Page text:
Aspen Thumbing Station is back
The Aspen Times
Aspen, CO Colorado
ASPEN ” Local hitchhikers rejoice ” a small piece of Aspen transportation history has been resurrected.
Last week, the city replaced the “Thumbing Station” sign that had stood outside the former Cortina Lodge at 230 E. Main St. since the 1960s. The sign apparently disappeared several months ago, causing some consternation among locals.
The sign, featuring an image of a fist with a thumb sticking up, had long represented a place to hitch a ride with impunity.
Upon hearing that it had disappeared, longtime Aspen resident Gaard Moses ” a sign painter, poster artist and creator of roughly six murals around town ” volunteered to paint a new one and donate it to the city.
The new sign was hung by city workers sometime last week, according to Moses.
By request of the city, the new sign is painted on metal, rather than wood, Moses said. Working from a picture of the old sign, he painted it by hand with a painter’s quill.
On Tuesday, Moses stood beneath the sign with Aspen Councilman Jack Johnson. As they talked, various Aspenites passed by, some jokingly sticking out their thumbs.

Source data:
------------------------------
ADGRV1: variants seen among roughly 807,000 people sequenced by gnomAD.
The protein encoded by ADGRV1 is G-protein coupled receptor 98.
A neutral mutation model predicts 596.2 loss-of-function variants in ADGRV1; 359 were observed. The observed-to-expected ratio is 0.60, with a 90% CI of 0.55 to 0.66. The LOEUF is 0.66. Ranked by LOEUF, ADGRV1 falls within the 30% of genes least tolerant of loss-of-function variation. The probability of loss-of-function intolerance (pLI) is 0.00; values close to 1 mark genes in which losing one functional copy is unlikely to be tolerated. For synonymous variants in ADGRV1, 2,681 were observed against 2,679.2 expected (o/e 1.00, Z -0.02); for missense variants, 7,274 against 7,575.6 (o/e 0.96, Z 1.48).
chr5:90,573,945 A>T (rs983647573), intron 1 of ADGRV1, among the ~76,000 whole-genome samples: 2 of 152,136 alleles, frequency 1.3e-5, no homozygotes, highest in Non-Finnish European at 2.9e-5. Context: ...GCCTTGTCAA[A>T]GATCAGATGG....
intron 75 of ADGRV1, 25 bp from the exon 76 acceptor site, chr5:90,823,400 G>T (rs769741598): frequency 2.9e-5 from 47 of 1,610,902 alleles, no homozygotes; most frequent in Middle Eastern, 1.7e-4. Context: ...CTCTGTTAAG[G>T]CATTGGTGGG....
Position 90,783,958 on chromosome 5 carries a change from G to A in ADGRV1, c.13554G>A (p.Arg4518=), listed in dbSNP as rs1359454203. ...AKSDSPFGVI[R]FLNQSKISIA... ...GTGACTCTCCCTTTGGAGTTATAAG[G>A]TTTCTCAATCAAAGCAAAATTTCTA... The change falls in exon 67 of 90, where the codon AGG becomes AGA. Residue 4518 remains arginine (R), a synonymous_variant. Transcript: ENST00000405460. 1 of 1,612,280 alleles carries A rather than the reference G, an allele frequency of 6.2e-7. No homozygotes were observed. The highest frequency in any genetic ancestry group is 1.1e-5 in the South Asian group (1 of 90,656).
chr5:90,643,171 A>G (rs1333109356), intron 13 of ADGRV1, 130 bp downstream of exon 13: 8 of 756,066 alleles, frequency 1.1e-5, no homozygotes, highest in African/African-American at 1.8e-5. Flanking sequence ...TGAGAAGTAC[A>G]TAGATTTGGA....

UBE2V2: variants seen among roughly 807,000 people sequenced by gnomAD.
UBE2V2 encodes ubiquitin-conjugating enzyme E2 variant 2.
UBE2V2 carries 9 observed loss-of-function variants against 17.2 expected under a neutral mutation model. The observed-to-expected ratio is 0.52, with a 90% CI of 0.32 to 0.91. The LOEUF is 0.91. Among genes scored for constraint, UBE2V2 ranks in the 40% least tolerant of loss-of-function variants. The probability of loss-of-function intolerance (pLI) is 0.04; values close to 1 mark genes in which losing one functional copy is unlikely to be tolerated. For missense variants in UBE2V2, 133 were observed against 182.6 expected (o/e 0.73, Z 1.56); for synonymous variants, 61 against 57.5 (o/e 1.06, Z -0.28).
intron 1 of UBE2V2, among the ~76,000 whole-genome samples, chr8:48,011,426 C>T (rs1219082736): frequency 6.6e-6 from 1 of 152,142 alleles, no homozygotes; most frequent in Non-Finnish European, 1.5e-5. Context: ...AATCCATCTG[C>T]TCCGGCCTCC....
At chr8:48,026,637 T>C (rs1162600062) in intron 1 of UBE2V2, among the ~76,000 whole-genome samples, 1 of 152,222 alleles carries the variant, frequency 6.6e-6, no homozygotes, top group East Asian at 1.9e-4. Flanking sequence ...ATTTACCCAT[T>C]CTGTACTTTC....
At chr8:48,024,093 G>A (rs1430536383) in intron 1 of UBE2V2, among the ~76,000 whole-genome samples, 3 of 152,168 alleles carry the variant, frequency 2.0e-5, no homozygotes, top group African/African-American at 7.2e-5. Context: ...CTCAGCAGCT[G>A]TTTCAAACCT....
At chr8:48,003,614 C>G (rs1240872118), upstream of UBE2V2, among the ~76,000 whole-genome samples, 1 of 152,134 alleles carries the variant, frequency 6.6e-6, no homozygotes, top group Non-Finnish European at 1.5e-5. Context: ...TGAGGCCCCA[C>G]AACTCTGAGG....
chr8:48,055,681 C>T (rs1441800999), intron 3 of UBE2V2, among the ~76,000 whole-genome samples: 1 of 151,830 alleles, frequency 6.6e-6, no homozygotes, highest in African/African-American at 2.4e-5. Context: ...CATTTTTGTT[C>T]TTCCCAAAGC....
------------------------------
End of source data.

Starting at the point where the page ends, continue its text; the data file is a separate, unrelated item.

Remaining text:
“It’s part of old Aspen,” said Moses, of the resurrected sign. “God knows we have enough new Aspen around,” he said motioning at a crane in the distance.
Johnson said he’d been upset to hear the sign had been stolen, presumably, and reminisced about picking up hitchhikers with his father in the 1960s ” recalling the time he asked a particularly derelict man if he was part of the Manson family.
Neither Johnson nor Moses have ever used the Thumbing Station, though both said they had thumbed rides in town on at least one occasion.
Although hitchhiking within the Aspen city limits is not against the law, Aspen Police Department spokeswoman Stephanie Dasaro said hitchhikers will be contacted by the police if they are impeding the flow of traffic or generally being unsafe.
“If you’re standing in the street, jumping in front of cars, we will have a problem,” she said.
So, Dasaro said she encourages hitchhiking Aspenites to use the Thumbing Station, since it has already been established as a good place to thumb a ride.
“I think it is a safe place,” she said.
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The town of Snowmass Village has its eyes on some safety improvements on Highline Road and a section of Brush Creek Road that will give pedestrians and cyclists a little more room to breathe on the side of the road.